An Epidemiologist Explains the New CDC Steering on 15 Minutes of Publicity and What it Means for You
By Ryan Malosh, University of Michigan
The Centers for Disease Control and Prevention have new guidelines that clarify what exactly “close contact” means when it comes to transmitting SARS-Cov-2, the virus that causes COVID-19.
The previous guidance indicated that close contact occurred when a person was within six feet of an infectious person for 15 minutes. The CDC now recognizes that a brief contact can lead to the transmission. In particular, the new guidelines suggest that those who spend a total of 15 minutes in contact with an infectious person over a 24 hour period should be in close contact.
Despite the change, most health professionals have realized for months that six feet is nothing magical. Likewise, 15 minutes is nothing magical. These should be used as rough estimates to indicate the types of contact where the risk is relatively high.
So this new guide is an important acknowledgment of the ease with which this virus can spread. It is not a dramatic reversal of the CDC guidance as it relates to masks and the back and forth of testing asymptomatic individuals.
This change reflects new knowledge. This change is an example of how science works. As an epidemiologist studying respiratory virus transmission, I don’t think this change will have much of an impact on how we live our lives during the pandemic, but it is further evidence of how easily this virus is spreading.
Why the change?
The new advice follows an outbreak investigation published in the CDC’s weekly report on morbidity and mortality. The investigation found that a Vermont prison worker was infected, most likely during a series of brief contacts with infected but asymptomatic inmates.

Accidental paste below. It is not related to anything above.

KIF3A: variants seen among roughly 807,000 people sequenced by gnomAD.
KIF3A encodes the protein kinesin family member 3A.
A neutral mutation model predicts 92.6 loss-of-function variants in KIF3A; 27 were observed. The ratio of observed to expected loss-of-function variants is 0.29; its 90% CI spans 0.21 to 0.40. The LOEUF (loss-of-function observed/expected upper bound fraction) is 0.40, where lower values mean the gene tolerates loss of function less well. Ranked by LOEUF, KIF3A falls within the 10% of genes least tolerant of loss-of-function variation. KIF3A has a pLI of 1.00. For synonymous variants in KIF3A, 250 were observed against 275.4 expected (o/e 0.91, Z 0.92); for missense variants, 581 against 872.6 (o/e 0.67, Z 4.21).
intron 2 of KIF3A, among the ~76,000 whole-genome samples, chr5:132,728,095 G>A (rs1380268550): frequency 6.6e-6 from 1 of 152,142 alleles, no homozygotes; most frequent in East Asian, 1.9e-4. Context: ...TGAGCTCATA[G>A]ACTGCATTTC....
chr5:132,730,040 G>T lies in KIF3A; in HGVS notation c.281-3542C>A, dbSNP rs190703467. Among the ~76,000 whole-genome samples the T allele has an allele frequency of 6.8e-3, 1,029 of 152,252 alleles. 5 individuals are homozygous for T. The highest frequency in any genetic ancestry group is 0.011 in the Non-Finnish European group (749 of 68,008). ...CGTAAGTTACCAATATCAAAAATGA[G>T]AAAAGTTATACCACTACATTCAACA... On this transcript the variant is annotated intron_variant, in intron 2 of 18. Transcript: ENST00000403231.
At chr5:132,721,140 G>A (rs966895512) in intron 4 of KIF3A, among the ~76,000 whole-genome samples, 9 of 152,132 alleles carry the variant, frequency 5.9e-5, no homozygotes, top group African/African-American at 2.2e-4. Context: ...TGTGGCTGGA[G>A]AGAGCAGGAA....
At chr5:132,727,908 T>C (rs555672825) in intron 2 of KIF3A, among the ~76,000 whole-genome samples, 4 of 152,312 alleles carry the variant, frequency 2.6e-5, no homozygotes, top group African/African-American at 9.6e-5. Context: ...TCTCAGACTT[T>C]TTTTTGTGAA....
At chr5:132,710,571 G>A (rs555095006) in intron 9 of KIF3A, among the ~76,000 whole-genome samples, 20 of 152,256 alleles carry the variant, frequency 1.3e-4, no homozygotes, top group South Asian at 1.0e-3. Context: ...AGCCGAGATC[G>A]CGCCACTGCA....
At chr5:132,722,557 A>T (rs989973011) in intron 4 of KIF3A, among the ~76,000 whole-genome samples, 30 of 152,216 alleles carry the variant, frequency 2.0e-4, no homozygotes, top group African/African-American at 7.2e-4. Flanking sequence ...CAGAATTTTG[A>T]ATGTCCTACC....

The inmates waited in a quarantine unit for test results. The employee did not report close outside work contacts and had not traveled outside of the state. At the time, Vermont was experiencing low prevalence in the community. The outbreak investigation used video evidence from surveillance cameras in the prison to document the brief interactions. Each interaction lasted about a minute, and the operator was in close contact with the infected inmates for about 17 minutes over an eight-hour shift. For at least some of these interactions, the infected inmates did not wear masks.
Documenting infectious contact is difficult for respiratory viruses. After all, we can’t see the virus moving through the air. The video footage in this case is pretty robust evidence. Therefore, the CDC recognizes the possibility that shorter interactions carry some risk.
This change is also confirmation that the previous definition contains at least one explicit assumption that may not be true. The main assumption of the old rule is that there is a threshold effect of exposure. This means that once you’ve been exposed to a certain amount of virus (worth 15 minutes), your risk of disease increases. The downside of this assumption is that below this threshold your risk remains low. Because of this, some schools have mistakenly moved students at 14 minute intervals.
The new guidelines suggest that there is more of a dose-response relationship between virus exposure and disease risk. That said, the more viruses you’re exposed, the higher your risk, even if the exposure doesn’t happen all at once.
What does that mean?
While I don’t think this update will make any major changes, it does expand the scope of contact tracking. Ideally, this change could mean catching more cases early after exposure. These people can then start quarantining before they become contagious and spread it to others.
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Take the upcoming holidays for example. Having a family for Thanksgiving usually means sharing a meal and likely spending several hours in close contact with others. That’s still a risk, especially since those without symptoms can spread the disease.
The people attending this gathering would have all been considered close contacts before, and they still are. Now, brief interactions that add up over time – for example with a server in a restaurant – are considered close contacts.
This change by CDC suggests that we need to be more careful with brief interactions – for example in the office or at school. We shouldn’t think, “This will only take a minute, I don’t need my mask.” The importance of wearing masks at all times to protect others has never been so clear. We may not know we are infected and even a brief, unmasked encounter could spread the virus.
Ryan Malosh, Assistant Research Scientist, University of Michigan
This article is republished by The Conversation under a Creative Commons license. Read the original article.